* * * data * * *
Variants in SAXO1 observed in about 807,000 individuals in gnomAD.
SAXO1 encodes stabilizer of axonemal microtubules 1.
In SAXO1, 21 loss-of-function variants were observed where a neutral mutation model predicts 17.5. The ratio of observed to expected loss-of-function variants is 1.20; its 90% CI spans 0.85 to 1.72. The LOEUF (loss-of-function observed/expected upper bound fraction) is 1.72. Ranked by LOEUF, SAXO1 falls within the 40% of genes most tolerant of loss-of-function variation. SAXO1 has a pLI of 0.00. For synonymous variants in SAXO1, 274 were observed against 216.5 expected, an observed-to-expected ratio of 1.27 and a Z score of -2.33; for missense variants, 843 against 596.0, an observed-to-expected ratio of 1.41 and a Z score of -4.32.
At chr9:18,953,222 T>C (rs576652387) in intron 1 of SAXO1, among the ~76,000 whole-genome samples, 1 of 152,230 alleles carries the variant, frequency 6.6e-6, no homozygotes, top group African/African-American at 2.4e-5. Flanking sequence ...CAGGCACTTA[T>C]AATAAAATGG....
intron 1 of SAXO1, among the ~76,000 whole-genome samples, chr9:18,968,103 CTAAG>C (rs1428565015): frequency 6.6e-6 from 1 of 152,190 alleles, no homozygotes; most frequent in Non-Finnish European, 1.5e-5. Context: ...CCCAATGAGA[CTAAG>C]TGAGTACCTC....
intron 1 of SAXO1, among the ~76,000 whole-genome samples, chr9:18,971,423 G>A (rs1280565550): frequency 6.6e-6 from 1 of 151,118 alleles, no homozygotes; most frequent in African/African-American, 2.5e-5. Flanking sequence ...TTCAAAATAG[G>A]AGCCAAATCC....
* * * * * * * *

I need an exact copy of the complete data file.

Variants in SAXO1 observed in about 807,000 individuals in gnomAD.
SAXO1 encodes stabilizer of axonemal microtubules 1.
In SAXO1, 21 loss-of-function variants were observed where a neutral mutation model predicts 17.5. The ratio of observed to expected loss-of-function variants is 1.20; its 90% CI spans 0.85 to 1.72. The LOEUF (loss-of-function observed/expected upper bound fraction) is 1.72. Ranked by LOEUF, SAXO1 falls within the 40% of genes most tolerant of loss-of-function variation. SAXO1 has a pLI of 0.00. For synonymous variants in SAXO1, 274 were observed against 216.5 expected, an observed-to-expected ratio of 1.27 and a Z score of -2.33; for missense variants, 843 against 596.0, an observed-to-expected ratio of 1.41 and a Z score of -4.32.
At chr9:18,953,222 T>C (rs576652387) in intron 1 of SAXO1, among the ~76,000 whole-genome samples, 1 of 152,230 alleles carries the variant, frequency 6.6e-6, no homozygotes, top group African/African-American at 2.4e-5. Flanking sequence ...CAGGCACTTA[T>C]AATAAAATGG....
intron 1 of SAXO1, among the ~76,000 whole-genome samples, chr9:18,968,103 CTAAG>C (rs1428565015): frequency 6.6e-6 from 1 of 152,190 alleles, no homozygotes; most frequent in Non-Finnish European, 1.5e-5. Context: ...CCCAATGAGA[CTAAG>C]TGAGTACCTC....
intron 1 of SAXO1, among the ~76,000 whole-genome samples, chr9:18,971,423 G>A (rs1280565550): frequency 6.6e-6 from 1 of 151,118 alleles, no homozygotes; most frequent in African/African-American, 2.5e-5. Flanking sequence ...TTCAAAATAG[G>A]AGCCAAATCC....